By Phillip Smith / AlterNet
Democratic presidential nomination contender Bernie Sanders said Wednesday he is open to legalizing marijuana as he appeared on the "Jimmy Kimmel Live" show on ABC.
The Vermont senator said he wanted to learn the lessons of marijuana legalization from Colorado and other states that have already legalized pot use.
But then he added, "I am not unfavorably disposed to moving toward the legalization of marijuana. We have more people in jail than any country on earth," he told Kimmel. "We have large numbers of lives that have been destroyed because of this war on drugs, and because people were caught smoking marijuana, and so forth. I think we have got to end the war on drugs."
The studio audience liked what it heard, bursting out in hoots and hollers and wild applause at Sanders' comments.
Alluding to another Sanders proposal--to provide consumer banking services as post offices--Kimmel then asked if the senator was open to combining the proposals, "And maybe have the postal carriers deliver marijuana to people?"
"That will get rid of the federal deficit pretty quickly, won't it?" Sanders retorted.
Sanders made similar pro-legalization comments last week during the Democratic debate in Las Vegas when he and other candidates were asked if they would support a 2016 ballot measure to legalize pot in Nevada. Sanders said he would be inclined to vote for it, while Hillary Clinton was uncommital.
By Stephanie Barry
SPRINGFIELD - The public is warming to the idea of medical marijuana dispensaries as the state's final deadline for applicants nears, according to a new survey by the Western New England University Polling Institute.
A statewide telephone survey of 517 adults conducted earlier this month found that 74 percent support legalizing marijuana for medical purposes, while 21 percent oppose the policy and another 5 percent were undecided. Meanwhile, 61 percent of adults said they would support a dispensary in their community; 30 percent said they would be opposed and 9 percent were undecided or declined to answer.
Approval to introduce medical marijuana shops came through a ballot measure in the 2012 general election. The initiative won approval from voters 63 to 37 percent.
The polling institute showed support for the practice has grown significantly since the last time it posed the question to voters - just before the 2012 ballot question. That survey showed 63 percent supported the policy, with 29 percent in opposition.
"The survey data indicate that Massachusetts residents have embraced the concept of medical marijuana in increasing numbers," said Tim Vercellotti, director of the Polling Institute and a professor of political science at Western New England University.
The deadline to submit final applications is Nov. 21, and must be hand-delivered.
Vercellotti credited the state's public awareness campaign with growing support among the citizenry.
"As public awareness increases, support seems to go up as well. Public education may play an important role as state and local officials consider locations for the dispensaries."
Locally, several prominent members of the business and political landscape have emerged as contenders to open medical marijuana shops.
Heriberto Flores, president of the New England Farm Workers Council, who has significant real estate holdings downtown and elsewhere, has teamed up with former state Senate Minority Leader Brian P. Lees to form a nonprofit company called Debilitating Medical Treatment Centers. R. Lyman Wood, of Hampden, has pledged $500,000 to back the company if it wins a state license.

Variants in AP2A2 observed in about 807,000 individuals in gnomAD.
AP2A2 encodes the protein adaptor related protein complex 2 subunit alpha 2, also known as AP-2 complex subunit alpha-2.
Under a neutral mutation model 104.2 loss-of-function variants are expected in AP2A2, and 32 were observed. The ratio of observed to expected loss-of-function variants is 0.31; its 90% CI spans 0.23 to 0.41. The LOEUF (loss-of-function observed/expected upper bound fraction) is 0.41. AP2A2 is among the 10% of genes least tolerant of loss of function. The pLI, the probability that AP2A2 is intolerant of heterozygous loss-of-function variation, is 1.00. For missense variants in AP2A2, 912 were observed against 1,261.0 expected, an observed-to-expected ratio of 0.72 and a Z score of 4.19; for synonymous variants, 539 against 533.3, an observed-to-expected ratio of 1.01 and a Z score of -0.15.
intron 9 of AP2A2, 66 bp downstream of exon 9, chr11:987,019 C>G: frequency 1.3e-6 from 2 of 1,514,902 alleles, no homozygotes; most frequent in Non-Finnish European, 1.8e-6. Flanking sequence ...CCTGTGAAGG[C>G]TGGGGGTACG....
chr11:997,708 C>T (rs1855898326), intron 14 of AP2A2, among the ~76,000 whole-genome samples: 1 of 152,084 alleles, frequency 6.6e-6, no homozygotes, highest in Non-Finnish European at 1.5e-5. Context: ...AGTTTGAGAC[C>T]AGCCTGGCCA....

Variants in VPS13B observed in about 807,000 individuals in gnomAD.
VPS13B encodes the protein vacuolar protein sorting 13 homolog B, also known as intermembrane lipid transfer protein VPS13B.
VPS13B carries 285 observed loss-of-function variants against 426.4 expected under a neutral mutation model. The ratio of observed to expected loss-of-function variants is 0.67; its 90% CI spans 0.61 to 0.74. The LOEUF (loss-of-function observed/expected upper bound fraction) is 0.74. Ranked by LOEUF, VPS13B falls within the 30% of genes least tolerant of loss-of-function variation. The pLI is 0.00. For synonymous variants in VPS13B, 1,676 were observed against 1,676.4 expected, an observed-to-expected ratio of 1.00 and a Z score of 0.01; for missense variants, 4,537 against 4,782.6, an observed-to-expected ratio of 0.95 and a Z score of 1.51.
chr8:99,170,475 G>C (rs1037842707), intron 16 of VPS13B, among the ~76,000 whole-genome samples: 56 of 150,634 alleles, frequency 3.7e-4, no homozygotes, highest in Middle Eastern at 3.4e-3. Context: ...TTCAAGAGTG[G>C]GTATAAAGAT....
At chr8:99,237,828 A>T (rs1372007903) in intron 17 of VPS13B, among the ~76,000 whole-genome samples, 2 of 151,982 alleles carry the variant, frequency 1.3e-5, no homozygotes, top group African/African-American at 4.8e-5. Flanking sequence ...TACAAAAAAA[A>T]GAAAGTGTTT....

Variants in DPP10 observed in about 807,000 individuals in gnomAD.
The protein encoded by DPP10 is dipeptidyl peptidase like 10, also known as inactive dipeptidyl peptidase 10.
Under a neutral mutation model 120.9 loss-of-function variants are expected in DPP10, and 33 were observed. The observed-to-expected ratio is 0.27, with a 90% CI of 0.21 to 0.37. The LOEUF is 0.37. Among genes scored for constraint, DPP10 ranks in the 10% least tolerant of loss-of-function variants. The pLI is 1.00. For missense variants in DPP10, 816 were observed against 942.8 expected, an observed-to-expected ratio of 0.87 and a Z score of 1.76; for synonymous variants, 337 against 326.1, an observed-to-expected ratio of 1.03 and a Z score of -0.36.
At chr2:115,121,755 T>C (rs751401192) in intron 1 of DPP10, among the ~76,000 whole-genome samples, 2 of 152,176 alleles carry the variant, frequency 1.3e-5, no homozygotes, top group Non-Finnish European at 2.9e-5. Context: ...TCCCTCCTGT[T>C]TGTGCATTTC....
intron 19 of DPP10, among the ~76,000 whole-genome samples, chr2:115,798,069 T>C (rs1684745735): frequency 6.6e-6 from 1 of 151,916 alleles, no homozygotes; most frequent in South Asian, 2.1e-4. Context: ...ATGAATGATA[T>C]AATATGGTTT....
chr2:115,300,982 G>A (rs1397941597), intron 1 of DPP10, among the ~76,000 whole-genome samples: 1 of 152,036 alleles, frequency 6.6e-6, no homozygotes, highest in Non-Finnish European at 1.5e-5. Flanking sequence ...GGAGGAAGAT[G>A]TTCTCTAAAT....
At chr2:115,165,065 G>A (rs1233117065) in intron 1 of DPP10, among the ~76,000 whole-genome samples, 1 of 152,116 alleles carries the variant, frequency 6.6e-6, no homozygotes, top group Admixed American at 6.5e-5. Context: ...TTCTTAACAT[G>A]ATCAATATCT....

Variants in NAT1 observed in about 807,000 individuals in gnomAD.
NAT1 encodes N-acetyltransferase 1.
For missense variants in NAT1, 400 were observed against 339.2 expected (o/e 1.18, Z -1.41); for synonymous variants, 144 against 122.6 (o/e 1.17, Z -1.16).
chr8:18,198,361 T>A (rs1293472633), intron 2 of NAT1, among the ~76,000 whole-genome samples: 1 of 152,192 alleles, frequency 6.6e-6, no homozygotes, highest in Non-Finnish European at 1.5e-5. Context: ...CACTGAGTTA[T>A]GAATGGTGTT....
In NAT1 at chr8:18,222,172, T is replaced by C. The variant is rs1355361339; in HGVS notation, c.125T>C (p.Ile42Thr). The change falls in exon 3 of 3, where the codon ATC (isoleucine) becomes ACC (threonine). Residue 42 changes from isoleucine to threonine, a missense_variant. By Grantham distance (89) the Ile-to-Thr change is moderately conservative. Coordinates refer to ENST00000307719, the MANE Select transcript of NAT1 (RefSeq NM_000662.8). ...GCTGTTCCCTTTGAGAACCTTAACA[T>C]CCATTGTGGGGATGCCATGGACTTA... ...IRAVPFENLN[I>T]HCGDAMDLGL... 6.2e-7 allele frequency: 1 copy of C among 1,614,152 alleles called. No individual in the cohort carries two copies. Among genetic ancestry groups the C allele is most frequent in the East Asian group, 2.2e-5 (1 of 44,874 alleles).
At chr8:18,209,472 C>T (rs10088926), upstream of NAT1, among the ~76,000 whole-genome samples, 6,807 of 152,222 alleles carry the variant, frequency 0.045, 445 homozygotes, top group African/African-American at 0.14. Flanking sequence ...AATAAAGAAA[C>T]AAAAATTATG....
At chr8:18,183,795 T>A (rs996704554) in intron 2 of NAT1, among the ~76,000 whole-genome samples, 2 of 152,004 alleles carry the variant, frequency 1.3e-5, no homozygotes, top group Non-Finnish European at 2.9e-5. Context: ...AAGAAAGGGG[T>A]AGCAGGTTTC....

That company has already won preliminary approval from the state earlier this year along with 57 other applicants. The state requires that applicants are nonprofit organizations with broader human service missions and are well-capitalized.
Under the law, the state can license up to 35 dispensaries, including at least one but no more than five in each county.
Flores told a reporter this week that his company is moving forward but declined to say which community it intends to target.
"Full steam ahead," he told a reporter during a visit to the Statehouse.
Prospective applicants have bemoaned widespread moratoriums in cities and towns across the Pioneer Valley including in Springfield, Agawam, Longmeadow, Hadley, Hampden, Westfield, Hatfield, Palmer and and Williamsburg. And, local support is critical to applicants.
In Chicopee, officials passed an ordinance allowing medical marijuana shops but included tight zoning requirements. One applicant, Robert Carp of Baystate Alternative Health Care, said previously he toured the entire city and was unable to find a suitable building. However another applicant, Manuel Esteves, has a proposal under review by the City Council for a site at 658 Fuller Road.
Former state senator turned lobbyist Stephen J. Buoniconti, a clerk in C Care Inc., won preliminary approval from the state but said he and his partner are still mulling whether to go forward.
"The application is a behemoth, quite a few people may not go forward," Buoniconti said, citing concerns over the moratoriums, the need for major security details around the facilities required by the state and uncertainty about whether voters may legalize marijuana altogether through a 2016 ballot measure. "But some groups are forging ahead; we're still making that determination internally."
The polling institute results, however, found that respondents' attitudes toward legalizing marijuana altogether were tepid.
Forty-one percent of adults polled said they support full legalization, with 51 opposed and 8 percent undecided.